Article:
Sensu are not only used to fan cool air?

"It is believed that Sensu originated from Hiogi, which was used to signify the social status of nobility during the Heian period. Hiogi were actually a development of the Mokkan, which was a piece of wood that people used to take notes with. The fans evolved over time into its current shape."

Is this the reason why it is commonly said that you can judge a person by their Sensu?

"Sensu and Japanese are inseparable. When babies are born, their parents take them to visit a shrine when the baby is about a month old to pray for the baby's health and happiness. As part of this ritual, parents dedicate a Sensu to Ubusunagami, which is the local region's god. The same goes for Shichigosan, which is a Shinto ritual where parents take their children at the age of three, five, and seven. Ceremonial Sensu are used at a young adult's Coming of Age Ceremony and also in Japanese weddings. These are also used when celebrating your 60th and 70th birthday. When someone passes away, a Sensu is put inside his or her coffin. In short, Sensu is used for important events throughout your entire life. I believe that the younger generation would learn to truly appreciate Sensu if they knew just how significant Sensu is to Japan."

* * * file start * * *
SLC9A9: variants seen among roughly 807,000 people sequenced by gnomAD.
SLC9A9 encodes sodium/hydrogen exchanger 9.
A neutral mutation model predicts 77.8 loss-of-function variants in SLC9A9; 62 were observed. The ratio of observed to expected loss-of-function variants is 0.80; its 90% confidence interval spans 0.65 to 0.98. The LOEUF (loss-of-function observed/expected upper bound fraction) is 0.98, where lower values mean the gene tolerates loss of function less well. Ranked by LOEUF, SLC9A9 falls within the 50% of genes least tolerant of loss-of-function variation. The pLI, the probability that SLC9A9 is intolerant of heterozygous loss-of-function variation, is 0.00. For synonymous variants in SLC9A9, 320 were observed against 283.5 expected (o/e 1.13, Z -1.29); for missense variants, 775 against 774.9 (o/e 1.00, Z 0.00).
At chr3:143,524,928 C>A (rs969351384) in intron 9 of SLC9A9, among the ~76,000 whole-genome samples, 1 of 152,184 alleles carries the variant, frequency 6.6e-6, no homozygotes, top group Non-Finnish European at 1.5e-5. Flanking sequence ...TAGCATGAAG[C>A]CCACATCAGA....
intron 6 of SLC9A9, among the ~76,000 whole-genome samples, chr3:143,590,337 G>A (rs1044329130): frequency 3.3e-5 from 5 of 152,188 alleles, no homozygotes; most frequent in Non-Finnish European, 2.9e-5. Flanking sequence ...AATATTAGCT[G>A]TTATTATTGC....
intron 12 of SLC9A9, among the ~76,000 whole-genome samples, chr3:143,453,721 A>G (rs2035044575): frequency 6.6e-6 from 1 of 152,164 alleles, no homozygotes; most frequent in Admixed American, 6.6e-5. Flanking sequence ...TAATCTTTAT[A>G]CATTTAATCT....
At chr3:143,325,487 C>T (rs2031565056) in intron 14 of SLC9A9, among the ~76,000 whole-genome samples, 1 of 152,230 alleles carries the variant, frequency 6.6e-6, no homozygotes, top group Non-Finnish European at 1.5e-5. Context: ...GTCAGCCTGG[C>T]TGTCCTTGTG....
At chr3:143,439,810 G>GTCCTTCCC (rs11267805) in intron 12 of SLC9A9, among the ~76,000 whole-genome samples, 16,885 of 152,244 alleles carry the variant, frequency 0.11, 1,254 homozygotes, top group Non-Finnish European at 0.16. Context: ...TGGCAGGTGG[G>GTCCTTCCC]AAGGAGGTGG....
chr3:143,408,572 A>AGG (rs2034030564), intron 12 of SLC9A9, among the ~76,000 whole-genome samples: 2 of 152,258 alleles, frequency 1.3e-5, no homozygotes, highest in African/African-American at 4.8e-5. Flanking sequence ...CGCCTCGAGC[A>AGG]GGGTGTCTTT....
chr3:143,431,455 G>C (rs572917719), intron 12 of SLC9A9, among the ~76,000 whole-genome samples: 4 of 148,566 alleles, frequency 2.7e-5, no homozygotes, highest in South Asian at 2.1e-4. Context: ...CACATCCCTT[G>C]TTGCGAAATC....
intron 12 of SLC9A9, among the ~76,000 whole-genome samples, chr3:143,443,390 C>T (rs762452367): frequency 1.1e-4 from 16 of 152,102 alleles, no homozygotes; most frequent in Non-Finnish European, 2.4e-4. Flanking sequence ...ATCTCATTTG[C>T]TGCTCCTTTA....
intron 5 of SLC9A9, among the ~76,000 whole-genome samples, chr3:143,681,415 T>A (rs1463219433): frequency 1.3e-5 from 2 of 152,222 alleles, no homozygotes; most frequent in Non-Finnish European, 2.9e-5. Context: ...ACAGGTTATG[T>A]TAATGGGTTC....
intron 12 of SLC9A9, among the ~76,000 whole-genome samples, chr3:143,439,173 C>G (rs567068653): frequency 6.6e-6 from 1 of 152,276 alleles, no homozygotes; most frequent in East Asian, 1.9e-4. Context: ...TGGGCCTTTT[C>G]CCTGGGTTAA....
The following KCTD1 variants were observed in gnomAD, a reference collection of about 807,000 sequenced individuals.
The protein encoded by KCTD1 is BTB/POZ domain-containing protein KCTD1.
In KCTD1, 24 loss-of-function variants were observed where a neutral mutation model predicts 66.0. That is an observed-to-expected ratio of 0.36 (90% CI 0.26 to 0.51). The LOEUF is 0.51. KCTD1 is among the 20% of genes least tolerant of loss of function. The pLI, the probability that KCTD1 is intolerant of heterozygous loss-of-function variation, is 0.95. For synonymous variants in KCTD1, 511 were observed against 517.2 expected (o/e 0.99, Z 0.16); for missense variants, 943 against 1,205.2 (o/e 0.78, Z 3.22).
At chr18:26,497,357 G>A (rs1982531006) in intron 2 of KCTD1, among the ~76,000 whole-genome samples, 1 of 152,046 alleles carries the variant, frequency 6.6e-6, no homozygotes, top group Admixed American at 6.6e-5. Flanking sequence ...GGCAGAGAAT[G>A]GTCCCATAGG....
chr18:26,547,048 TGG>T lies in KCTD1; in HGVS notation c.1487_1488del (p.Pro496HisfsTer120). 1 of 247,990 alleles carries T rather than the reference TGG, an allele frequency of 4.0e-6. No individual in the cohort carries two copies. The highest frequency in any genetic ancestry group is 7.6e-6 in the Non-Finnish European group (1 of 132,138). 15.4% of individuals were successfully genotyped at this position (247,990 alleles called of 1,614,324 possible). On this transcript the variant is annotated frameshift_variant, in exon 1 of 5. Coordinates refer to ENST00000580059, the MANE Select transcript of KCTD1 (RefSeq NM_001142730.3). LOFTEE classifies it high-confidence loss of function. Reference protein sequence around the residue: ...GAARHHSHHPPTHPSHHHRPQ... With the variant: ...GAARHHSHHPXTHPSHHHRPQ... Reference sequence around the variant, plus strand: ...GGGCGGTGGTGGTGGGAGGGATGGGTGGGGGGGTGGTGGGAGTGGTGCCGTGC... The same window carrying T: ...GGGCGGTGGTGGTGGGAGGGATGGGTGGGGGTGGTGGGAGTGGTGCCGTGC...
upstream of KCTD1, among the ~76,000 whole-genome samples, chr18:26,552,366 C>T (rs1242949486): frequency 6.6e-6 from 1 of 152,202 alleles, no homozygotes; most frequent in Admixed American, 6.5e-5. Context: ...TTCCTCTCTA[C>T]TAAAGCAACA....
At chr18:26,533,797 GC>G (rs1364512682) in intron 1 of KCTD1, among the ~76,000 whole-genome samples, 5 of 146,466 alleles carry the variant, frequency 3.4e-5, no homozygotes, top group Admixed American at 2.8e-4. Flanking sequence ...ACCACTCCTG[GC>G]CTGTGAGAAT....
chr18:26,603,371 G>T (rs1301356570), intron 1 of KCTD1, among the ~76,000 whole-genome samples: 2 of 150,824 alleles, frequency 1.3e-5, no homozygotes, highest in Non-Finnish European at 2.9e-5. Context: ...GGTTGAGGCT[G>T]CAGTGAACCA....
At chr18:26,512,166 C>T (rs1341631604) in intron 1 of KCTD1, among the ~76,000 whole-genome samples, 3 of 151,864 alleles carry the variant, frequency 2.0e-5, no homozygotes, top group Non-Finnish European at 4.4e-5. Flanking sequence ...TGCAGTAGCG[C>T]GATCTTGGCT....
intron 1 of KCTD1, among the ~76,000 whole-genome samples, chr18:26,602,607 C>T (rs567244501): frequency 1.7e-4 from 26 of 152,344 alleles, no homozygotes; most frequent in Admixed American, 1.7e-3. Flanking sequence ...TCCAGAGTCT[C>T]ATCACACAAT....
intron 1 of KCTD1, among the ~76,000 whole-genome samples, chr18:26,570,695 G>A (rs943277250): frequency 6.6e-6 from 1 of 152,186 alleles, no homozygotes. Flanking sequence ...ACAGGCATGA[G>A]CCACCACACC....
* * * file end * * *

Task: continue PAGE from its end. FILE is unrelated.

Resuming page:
Photographer: Yasuko Okamura
Organizer: Taizen Sugamura


Hiroshi Matsui

1947: Born in Edogawa City.
1958: Started Helping His Father Make Sensu at the Age of 11.
1969: Started Professional Training.
1982: Began Providing On-Hands Experiences at Hotels, Department Stores, Events, & Local Edogawa City Festivals. Also Began Holding Classes for Students and Joined International Japanese Festivals Develop and Popularize Edo Sensu.
2004: Designated as an Edogawa City Intangible Cultural Property.
2014: Designated as a Tokyo Skilled Technician (Tokyo Meister)
2015: The Ministry of Economy Selected His "Gradation Sensu" in its "The Wonder 500" Items of Local Japanese Specialties.

Member of the Edo Branch of the Tokyo Traditional Crafts Preservation Society (Board of Directors)
Vice President of the Edogawa Traditional Craft Preservation Society
Recently Introduced by Multiple TV Programs & Media Outlets.

Hiroshi Matsui's Masterpiece, "Gradation Sensu"

This Sensu especially stands out when folded, showing its print and gradation. With one side shorter than the other, this Sensu easily fans cool air.
This highly acclaimed Sensu is a collaboration between Hiroshi Matsui, who crafts stylish Edo Sensu that differ from Kyo Sensu, and Akiko Matsumoto, an art student at Tokyo Zokei University who is known for her refreshing taste in design.